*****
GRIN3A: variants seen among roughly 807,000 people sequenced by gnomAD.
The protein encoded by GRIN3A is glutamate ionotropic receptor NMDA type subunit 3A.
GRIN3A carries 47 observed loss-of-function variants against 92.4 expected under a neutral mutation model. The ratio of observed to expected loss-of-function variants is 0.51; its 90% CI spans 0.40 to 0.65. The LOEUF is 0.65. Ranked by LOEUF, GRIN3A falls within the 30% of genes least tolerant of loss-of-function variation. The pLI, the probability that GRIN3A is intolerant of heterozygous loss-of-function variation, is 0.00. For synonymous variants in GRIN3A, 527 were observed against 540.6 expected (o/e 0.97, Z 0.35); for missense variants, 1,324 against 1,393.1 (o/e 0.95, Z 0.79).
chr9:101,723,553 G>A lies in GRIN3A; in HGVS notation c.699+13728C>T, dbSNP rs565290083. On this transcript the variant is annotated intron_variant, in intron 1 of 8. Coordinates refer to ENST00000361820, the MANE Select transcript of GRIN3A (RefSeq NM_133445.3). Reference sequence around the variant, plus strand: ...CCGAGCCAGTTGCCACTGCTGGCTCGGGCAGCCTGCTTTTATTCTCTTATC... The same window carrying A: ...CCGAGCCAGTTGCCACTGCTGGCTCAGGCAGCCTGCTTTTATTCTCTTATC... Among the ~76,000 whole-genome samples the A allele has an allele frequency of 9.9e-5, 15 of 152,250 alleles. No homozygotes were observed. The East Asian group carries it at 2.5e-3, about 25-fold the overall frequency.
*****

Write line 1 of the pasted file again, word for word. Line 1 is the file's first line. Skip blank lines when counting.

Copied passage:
GRIN3A: variants seen among roughly 807,000 people sequenced by gnomAD.